Elizabeth Gilbert’s memoir is not only a story of finding self, God, and happiness in the world it is also a story about finding humor and good humored people in very dark times. I can think of few ways more effective at cheering someone up than making them laugh or feel contented; which is why I believe that Gilbert’s journey for bodily pleasures and happiness in Italy was the most pivotal of her three journeys and set her on the path to finding true happiness and God. That is not to say that the bodily pleasures she experienced in Italy were more remarkable than her spiritual transformation in India or Bali; rather, without the carnal pleasures she used to overcome her initial depression, Gilbert never would have been able to reach spiritual enlightenment.
Perhaps the most humorous moment in Part I, or the moment that struck closest to home, was Gilbert’s description of going to a soccer match with Luca Spaghetti. Being from Philadelphia, a city whose fans are often considered the most unruly in the country (they once actually booed Santa Clause), I felt a particular resonance with this chapter. As Luca describes to Gilbert, “’We can change our wives,’ he said, ‘We can change our jobs, our nationalities and even our religions, but we can never change our team.’” (Gilbert 68). This statement raises both confusion and hilarity. How can someone not switch allegiance between sports teams, something that is seemingly so marginal or ultimately pointless to our lives? However, at least from a male perspective, I know exactly what Luca is talking about. This kind of obsession with sports seems crazy and as Gilbert points out, “the word for ‘fan’ in Italian if tifoso. Derived from the word for typhus. In other words – one who is mightily fevered.” (68). Gilbert then proceeds to translate a slew of obscenities and laments from an old man behind her, which is also quite hilarious. The passage in its entirety is hysterical but it also raises an interesting point about acceptable social roles and behavior. We often laugh at the absurdity in the way people act at sports games. In no other place is it socially acceptable to berate or denigrate a group of people, especially people you technically do not even know. You may know a player’s name, number, and statistics but you know absolutely nothing about him or her as person unless it’s been plastered all over the news. For some reason however, it is not only acceptable but somewhat expected for people to cheer for the home team and boo the away team. Perhaps this is a different form of release theory. By feeling animosity towards a team, and directing it towards the mascot or the idea of the team as a whole, people may be able to relieve built up tension or aggression. However, I believe that this form of release is nowhere near as effective as humor because it is done in a negative fashion and it can become quite easy to get out of control and become personal and harmful.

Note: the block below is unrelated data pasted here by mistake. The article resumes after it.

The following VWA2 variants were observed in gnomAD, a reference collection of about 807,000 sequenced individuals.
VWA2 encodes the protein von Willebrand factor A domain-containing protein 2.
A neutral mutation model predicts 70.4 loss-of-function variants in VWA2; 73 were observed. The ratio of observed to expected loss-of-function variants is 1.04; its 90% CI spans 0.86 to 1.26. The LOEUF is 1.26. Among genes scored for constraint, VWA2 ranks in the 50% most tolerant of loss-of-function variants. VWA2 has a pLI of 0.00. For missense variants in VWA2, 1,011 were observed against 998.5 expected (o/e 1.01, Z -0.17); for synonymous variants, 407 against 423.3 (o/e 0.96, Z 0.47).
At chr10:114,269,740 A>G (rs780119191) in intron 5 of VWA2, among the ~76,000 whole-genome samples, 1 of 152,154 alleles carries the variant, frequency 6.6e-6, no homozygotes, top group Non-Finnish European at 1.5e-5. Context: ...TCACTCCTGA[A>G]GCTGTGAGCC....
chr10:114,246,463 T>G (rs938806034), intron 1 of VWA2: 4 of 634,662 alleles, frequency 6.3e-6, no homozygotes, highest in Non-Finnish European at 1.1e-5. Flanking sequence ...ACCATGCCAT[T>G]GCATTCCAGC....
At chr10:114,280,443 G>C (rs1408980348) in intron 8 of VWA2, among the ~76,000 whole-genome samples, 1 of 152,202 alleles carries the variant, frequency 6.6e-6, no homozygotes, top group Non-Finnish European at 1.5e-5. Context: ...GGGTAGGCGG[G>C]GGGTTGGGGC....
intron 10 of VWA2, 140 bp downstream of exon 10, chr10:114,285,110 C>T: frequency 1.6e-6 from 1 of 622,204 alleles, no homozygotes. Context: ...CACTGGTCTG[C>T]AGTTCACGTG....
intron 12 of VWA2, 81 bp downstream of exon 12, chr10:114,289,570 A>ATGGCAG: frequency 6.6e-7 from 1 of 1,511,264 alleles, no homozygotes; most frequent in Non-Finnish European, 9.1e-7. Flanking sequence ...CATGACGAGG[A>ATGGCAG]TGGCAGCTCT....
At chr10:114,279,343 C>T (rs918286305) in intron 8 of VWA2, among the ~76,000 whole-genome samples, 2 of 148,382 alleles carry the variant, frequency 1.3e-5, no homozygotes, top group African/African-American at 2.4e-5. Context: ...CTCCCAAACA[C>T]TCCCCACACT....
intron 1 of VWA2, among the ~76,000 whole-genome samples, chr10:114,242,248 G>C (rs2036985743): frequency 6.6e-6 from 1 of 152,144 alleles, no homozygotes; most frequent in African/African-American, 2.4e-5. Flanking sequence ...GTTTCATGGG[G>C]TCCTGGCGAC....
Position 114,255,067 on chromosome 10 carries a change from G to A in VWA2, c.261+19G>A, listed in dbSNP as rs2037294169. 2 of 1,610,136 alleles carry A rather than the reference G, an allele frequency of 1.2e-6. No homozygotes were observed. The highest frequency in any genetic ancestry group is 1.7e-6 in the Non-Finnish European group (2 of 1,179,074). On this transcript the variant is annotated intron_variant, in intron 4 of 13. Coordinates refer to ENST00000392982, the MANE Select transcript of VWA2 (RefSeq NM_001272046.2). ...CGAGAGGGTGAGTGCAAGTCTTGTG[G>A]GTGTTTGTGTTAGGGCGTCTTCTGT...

Another interesting aspect of rooting for a team is what the team says about an individual’s identity. As Luca Spaghetti says, you can change many things but you can never change the team you cheer for. He believes that love, nationality, and religion are all fluid; people can change their allegiance at any moment and they should have the right to do so. However, in some weird way, the team that a person roots for is concrete and unchanging. It is a part of their identity, which often they have no part in choosing, and that cannot be changed. The team someone cheers for reveals where they are from and what their family is like; two choices, that not a single person has control over. In a way, Gilbert through Luca, reveals that our identities are always inextricably geographically tied somewhere. It is fitting then that the second part of her book is focused on removing her spirit from the physical world and experiencing the world as a whole, spiritually. Perhaps, by walking the same meditative path as Gilbert, people can shake the physical bounds of their identity and discover who they truly are spiritually.